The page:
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Who's Waiting for Your Kids?




In a few short years, students will leave our homes and graduate from our churches. They'll head off to college. Who's waiting for them? What kinds of people will they meet? And are they ready?

We Live at the Mercy of Our Ideas

I recently spoke with a youth worker who told me he was not teaching theology and apologetics to the students in his youth group because he was focusing on “practical Christian living.”  Certainly he’s well-intentioned but with this approach, I have no confidence much practical Christian living is going to happen in the lives of those students. This dichotomy between beliefs and behavior represents a profound misunderstanding amongst Christians and not only does it harm our young people but the church-at-large.  Here’s why.

We are what we think.  Recent discoveries in neuroscience make this clear.  Change your thoughts and you can change your brain chemistry.  In turn, these brain alterations affect how we deal with things like anger and anxiety.  False ways of thinking lead to destructive patterns of living.  When young people have false ideas about God, His requirements, the authority of Scripture or the meaning of life, certain behaviors follow.  We live at the mercy of our ideas. 

Of course, before neuroscience came along God had been telling humanity this from the beginning.  His Word is filled with instruction about the relationship between thought and action: 

  • Hosea 4:5 & 6 – You stumble day and night, and the prophets stumble with you...my people are destroyed from lack of knowledge.
  • Romans 1:28 & 29 – Furthermore, since they did not think it worthwhile to retain the knowledge of God, he gave them over to a depraved mind, to do what ought not to be done.  They have become filled with every kind of wickedness...
  • Romans 12:2 – Do not conform any longer to the pattern of this world, but be transformed by the renewing of your mind.
  • Philippians 4:8 – Finally, brothers, whatever is true, whatever is noble, whatever is right, whatever is pure, whatever is lovely, whatever is admirable—if anything is excellent or praiseworthy—think about such things.
  • Colossians 1:9 & 10 – For this reason, since the day we heard about you, we have not stopped praying for you and asking God to fill you with the knowledge of his will through all spiritual wisdom and understanding.  And we pray this in order that you may live a life worthy of the Lord and may please him in every way: bearing fruit in every good work, growing in the knowledge of God...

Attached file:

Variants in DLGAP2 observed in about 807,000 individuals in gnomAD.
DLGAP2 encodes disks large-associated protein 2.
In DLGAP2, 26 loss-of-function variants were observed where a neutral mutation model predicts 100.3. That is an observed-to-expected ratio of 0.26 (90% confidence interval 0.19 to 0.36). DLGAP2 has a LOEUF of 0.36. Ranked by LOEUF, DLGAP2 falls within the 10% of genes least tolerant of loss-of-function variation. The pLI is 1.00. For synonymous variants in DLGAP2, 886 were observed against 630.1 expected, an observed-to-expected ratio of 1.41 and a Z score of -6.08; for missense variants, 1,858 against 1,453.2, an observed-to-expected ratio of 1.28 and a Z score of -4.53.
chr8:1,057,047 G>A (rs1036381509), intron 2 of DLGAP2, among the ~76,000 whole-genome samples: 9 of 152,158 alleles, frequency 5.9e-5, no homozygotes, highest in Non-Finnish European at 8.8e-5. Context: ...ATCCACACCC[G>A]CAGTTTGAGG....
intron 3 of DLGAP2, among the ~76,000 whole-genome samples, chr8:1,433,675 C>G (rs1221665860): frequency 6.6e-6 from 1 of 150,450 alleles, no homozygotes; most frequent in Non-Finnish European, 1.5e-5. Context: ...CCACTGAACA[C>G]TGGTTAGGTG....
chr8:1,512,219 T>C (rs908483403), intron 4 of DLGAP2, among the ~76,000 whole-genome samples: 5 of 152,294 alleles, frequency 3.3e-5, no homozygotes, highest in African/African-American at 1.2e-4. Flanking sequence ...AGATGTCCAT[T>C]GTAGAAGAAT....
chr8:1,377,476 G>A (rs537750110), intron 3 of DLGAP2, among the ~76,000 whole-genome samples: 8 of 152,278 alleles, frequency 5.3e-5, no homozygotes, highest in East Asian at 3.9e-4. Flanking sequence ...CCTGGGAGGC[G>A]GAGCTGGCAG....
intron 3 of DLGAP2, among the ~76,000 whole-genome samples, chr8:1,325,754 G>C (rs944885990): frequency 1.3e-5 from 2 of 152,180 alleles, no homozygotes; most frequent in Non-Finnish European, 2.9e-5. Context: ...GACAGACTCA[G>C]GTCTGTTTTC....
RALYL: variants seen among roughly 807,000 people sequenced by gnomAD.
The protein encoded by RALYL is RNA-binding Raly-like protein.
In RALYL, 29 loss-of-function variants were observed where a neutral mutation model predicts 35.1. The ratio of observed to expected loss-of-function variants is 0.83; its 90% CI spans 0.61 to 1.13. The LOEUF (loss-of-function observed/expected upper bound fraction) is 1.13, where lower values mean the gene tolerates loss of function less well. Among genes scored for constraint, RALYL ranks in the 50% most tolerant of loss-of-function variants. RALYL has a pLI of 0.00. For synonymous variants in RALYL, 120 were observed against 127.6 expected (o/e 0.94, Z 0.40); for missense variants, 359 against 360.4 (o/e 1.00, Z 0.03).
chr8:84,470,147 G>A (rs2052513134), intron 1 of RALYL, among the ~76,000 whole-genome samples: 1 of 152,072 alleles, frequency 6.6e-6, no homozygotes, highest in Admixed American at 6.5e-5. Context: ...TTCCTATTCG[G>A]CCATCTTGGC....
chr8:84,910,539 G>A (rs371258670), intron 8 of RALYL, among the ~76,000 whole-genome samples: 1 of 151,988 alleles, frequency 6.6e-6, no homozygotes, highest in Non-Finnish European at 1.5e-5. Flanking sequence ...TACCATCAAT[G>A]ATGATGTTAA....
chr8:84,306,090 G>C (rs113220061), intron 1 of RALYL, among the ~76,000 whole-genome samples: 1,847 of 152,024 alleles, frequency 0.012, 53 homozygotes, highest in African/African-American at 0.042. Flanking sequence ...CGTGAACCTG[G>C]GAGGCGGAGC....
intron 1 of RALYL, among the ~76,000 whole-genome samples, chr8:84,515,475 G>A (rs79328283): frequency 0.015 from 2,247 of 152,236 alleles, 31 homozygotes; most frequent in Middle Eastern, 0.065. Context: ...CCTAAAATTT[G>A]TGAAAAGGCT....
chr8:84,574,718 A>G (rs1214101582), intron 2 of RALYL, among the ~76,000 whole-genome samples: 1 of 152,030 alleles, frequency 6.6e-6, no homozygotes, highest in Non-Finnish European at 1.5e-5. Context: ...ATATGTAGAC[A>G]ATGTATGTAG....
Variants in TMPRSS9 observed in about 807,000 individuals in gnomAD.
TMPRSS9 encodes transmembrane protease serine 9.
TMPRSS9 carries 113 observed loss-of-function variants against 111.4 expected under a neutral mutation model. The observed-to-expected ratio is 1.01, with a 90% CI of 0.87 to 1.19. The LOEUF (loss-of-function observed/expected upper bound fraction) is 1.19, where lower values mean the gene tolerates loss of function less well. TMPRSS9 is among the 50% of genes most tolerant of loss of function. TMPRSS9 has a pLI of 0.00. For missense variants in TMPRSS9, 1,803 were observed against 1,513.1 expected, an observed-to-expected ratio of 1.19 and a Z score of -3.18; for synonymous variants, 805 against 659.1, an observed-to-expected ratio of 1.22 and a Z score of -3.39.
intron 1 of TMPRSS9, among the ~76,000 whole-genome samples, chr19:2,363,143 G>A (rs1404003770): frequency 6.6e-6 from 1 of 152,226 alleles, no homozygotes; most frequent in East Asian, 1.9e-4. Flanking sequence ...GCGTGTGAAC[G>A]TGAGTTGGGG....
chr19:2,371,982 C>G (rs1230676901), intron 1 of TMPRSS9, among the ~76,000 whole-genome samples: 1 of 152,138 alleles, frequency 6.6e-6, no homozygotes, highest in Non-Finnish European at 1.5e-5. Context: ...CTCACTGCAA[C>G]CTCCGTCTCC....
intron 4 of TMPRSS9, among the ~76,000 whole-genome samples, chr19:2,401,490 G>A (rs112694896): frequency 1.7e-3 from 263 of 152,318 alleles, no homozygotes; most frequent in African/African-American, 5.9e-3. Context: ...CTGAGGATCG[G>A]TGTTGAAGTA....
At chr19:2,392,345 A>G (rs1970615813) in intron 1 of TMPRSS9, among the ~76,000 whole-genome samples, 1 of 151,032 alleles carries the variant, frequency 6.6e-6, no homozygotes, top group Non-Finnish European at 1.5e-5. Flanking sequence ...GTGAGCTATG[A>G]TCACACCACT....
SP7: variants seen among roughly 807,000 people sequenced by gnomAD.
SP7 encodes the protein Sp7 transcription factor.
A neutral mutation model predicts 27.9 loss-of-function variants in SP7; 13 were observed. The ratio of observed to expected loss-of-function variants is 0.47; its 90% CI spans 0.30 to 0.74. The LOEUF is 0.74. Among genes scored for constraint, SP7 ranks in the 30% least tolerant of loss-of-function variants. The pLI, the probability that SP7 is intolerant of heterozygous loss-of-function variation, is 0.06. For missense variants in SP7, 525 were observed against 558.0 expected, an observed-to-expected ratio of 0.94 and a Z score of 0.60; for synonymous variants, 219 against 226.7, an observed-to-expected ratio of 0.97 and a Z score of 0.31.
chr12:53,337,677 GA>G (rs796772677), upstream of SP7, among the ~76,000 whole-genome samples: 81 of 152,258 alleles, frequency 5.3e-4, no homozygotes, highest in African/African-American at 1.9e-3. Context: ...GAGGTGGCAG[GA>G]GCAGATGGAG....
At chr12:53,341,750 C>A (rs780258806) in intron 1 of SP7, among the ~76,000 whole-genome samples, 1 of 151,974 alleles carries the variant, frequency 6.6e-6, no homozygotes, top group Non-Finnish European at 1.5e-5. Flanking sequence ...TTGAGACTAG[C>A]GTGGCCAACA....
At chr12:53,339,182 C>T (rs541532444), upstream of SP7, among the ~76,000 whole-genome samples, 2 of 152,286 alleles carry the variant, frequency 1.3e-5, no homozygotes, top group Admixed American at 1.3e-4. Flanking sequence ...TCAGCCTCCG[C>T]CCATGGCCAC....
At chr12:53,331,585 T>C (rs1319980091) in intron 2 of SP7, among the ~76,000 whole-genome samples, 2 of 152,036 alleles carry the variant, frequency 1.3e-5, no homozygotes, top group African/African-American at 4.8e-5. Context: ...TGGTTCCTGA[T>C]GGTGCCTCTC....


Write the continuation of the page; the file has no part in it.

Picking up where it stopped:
• II Timothy 2:25 – Those who oppose him he must gently instruct, in the hope that God will grant them repentance leading them to a knowledge of the truth.
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Questioning Evangelism

Christians talk too much.  At least, they feel the pressure to.

I have a talk entitled “Why I Am a Christian,” where I discuss the primary reason we ought to follow Christ:  because He’s the Truth.  Christianity (in the sense of C.S. Lewis’ “mere Christianity”) is true and we have good reasons to think so.  But sometimes, when people hear this they feel pressure to have all the right answers for their non-believing friends.  I hear the stress in their voices when they ask, “So what should I say to my non-Christian friends?”  I have some advice. 

First, start with questions.  Oftentimes, Christians think evangelism means we talk and others listen.  So, the believer is supposed to have a polished “Gospel presentation” and a finely tuned response to all objections.  But this approach is undignifying to non-Christians and it completely ignores the unique questions an individual might have.  And it’s why some Christians are really good at answering questions no one is asking.  Francis Schaeffer’s words are instructive here:  “If I have only an hour with someone, I will spend the first 55 minutes asking questions and finding out what is troubling their heart and mind, and then the last 5 minutes I will share something of the truth.” 

I encourage students to start with Stand to Reason’s first two “Columbo” questions

#1 -- What do you mean by that?

#2 -- How did you come to that conclusion?